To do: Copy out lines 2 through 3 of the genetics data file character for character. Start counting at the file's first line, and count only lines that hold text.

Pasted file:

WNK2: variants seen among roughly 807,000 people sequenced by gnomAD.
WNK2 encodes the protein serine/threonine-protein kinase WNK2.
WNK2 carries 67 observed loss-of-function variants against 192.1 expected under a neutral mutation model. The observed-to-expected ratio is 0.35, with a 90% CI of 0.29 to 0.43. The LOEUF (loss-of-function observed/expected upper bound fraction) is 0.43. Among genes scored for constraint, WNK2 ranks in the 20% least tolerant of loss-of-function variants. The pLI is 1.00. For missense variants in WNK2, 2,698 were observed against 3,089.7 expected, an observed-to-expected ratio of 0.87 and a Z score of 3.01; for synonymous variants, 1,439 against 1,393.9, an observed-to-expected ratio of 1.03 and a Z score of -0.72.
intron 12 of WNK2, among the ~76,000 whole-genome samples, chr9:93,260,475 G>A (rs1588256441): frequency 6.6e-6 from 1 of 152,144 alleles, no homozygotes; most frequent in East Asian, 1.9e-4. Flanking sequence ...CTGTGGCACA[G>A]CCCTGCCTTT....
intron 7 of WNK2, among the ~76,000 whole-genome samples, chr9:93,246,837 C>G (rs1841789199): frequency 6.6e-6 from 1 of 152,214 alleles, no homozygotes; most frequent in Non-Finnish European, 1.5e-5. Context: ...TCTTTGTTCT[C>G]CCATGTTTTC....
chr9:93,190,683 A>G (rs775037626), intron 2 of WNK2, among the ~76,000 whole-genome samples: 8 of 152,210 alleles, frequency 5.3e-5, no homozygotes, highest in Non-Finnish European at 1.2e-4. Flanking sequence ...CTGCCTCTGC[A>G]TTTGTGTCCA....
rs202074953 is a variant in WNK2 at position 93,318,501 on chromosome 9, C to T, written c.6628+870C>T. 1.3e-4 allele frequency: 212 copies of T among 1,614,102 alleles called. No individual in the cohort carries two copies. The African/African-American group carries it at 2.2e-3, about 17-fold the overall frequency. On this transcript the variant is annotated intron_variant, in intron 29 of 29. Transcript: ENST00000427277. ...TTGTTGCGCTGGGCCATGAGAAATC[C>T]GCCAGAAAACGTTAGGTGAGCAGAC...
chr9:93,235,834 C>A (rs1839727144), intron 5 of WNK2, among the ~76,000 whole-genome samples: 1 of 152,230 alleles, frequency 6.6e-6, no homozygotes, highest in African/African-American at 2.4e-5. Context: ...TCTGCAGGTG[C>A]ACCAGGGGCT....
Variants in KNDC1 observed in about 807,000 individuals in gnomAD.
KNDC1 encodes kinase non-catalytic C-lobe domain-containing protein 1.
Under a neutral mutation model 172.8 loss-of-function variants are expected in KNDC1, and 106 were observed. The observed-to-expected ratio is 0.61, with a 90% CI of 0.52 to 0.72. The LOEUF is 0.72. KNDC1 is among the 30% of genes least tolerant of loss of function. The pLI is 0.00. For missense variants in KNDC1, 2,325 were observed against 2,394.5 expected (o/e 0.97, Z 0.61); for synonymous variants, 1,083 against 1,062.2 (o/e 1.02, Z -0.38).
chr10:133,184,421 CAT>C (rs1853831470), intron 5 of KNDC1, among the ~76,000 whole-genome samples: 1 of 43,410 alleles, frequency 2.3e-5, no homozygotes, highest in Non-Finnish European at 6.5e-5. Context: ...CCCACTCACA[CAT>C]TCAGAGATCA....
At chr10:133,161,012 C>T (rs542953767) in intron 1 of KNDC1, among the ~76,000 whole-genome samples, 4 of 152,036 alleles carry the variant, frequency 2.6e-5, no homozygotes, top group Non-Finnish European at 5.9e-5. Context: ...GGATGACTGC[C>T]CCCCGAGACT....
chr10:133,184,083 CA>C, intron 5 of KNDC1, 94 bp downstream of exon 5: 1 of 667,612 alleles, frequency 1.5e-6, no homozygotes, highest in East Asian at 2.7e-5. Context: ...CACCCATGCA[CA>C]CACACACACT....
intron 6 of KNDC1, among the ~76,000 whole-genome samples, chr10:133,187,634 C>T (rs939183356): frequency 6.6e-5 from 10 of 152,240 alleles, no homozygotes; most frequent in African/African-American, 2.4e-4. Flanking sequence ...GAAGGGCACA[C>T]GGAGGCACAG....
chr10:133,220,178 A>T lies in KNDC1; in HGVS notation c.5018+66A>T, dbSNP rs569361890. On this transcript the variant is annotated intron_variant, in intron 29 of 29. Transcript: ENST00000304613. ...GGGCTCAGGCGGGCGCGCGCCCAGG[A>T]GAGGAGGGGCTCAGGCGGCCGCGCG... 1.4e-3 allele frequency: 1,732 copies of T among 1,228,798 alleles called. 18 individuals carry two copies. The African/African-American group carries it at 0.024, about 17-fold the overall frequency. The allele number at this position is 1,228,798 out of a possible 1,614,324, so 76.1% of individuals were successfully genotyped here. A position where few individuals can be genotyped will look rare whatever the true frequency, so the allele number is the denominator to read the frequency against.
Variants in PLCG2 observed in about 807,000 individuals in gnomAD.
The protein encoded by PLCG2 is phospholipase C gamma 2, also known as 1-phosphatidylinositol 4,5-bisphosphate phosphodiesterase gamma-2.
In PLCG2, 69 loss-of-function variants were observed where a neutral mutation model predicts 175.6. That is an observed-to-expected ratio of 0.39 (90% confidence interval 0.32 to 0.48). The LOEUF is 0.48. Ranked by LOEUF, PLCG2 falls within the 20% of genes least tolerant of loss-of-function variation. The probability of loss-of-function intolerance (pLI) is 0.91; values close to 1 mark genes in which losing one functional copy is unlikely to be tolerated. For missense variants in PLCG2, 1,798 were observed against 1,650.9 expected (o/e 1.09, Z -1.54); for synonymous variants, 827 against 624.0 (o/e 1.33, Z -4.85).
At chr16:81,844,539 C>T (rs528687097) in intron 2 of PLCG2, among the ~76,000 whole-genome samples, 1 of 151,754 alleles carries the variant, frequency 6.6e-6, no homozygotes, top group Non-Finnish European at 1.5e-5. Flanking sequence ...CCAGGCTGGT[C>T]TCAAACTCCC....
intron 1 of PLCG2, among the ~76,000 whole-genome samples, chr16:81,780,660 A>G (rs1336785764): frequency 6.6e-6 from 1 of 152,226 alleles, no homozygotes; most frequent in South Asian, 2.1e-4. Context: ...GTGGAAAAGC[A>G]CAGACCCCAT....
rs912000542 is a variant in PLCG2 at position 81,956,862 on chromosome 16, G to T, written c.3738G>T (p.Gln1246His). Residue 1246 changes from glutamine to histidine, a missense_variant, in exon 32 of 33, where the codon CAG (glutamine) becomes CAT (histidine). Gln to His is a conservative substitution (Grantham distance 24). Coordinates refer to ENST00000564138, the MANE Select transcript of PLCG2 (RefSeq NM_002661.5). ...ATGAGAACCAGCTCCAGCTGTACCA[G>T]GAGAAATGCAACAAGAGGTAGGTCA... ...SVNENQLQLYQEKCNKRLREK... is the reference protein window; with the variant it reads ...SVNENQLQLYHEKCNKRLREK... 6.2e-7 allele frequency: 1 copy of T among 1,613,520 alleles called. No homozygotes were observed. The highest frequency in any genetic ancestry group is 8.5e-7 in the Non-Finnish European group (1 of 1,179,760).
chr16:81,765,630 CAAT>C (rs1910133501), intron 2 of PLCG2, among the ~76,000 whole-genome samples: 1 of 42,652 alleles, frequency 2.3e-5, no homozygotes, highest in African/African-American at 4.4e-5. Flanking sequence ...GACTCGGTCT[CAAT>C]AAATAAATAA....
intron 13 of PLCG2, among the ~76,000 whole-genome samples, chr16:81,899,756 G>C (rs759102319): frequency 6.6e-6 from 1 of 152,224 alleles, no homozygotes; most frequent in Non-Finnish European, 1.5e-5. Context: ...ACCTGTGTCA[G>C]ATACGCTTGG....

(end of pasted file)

WNK2 encodes the protein serine/threonine-protein kinase WNK2.
WNK2 carries 67 observed loss-of-function variants against 192.1 expected under a neutral mutation model. The observed-to-expected ratio is 0.35, with a 90% CI of 0.29 to 0.43. The LOEUF (loss-of-function observed/expected upper bound fraction) is 0.43. Among genes scored for constraint, WNK2 ranks in the 20% least tolerant of loss-of-function variants. The pLI is 1.00. For missense variants in WNK2, 2,698 were observed against 3,089.7 expected, an observed-to-expected ratio of 0.87 and a Z score of 3.01; for synonymous variants, 1,439 against 1,393.9, an observed-to-expected ratio of 1.03 and a Z score of -0.72.